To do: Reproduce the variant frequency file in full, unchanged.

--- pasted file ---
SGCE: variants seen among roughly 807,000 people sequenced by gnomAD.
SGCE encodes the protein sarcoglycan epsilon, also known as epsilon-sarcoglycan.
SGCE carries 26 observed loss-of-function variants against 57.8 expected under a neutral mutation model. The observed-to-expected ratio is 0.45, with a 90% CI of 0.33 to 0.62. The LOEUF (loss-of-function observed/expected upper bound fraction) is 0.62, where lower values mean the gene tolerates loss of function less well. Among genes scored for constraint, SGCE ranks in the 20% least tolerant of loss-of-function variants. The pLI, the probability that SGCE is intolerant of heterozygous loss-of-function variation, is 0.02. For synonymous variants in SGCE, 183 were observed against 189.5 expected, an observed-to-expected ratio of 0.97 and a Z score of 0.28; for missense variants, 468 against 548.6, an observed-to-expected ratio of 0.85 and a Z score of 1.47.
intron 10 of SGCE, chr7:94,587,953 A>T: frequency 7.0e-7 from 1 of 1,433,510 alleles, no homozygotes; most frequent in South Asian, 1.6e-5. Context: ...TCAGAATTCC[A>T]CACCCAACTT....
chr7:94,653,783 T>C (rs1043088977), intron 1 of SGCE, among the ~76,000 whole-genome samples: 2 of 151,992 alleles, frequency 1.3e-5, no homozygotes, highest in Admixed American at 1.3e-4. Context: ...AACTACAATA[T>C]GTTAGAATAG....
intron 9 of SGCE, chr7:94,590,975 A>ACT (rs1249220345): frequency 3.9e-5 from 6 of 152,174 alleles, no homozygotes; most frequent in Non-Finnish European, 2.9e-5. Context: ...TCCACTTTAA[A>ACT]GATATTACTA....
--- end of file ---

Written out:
SGCE: variants seen among roughly 807,000 people sequenced by gnomAD.
SGCE encodes the protein sarcoglycan epsilon, also known as epsilon-sarcoglycan.
SGCE carries 26 observed loss-of-function variants against 57.8 expected under a neutral mutation model. The observed-to-expected ratio is 0.45, with a 90% CI of 0.33 to 0.62. The LOEUF (loss-of-function observed/expected upper bound fraction) is 0.62, where lower values mean the gene tolerates loss of function less well. Among genes scored for constraint, SGCE ranks in the 20% least tolerant of loss-of-function variants. The pLI, the probability that SGCE is intolerant of heterozygous loss-of-function variation, is 0.02. For synonymous variants in SGCE, 183 were observed against 189.5 expected, an observed-to-expected ratio of 0.97 and a Z score of 0.28; for missense variants, 468 against 548.6, an observed-to-expected ratio of 0.85 and a Z score of 1.47.
intron 10 of SGCE, chr7:94,587,953 A>T: frequency 7.0e-7 from 1 of 1,433,510 alleles, no homozygotes; most frequent in South Asian, 1.6e-5. Context: ...TCAGAATTCC[A>T]CACCCAACTT....
chr7:94,653,783 T>C (rs1043088977), intron 1 of SGCE, among the ~76,000 whole-genome samples: 2 of 151,992 alleles, frequency 1.3e-5, no homozygotes, highest in Admixed American at 1.3e-4. Context: ...AACTACAATA[T>C]GTTAGAATAG....
intron 9 of SGCE, chr7:94,590,975 A>ACT (rs1249220345): frequency 3.9e-5 from 6 of 152,174 alleles, no homozygotes; most frequent in Non-Finnish European, 2.9e-5. Context: ...TCCACTTTAA[A>ACT]GATATTACTA....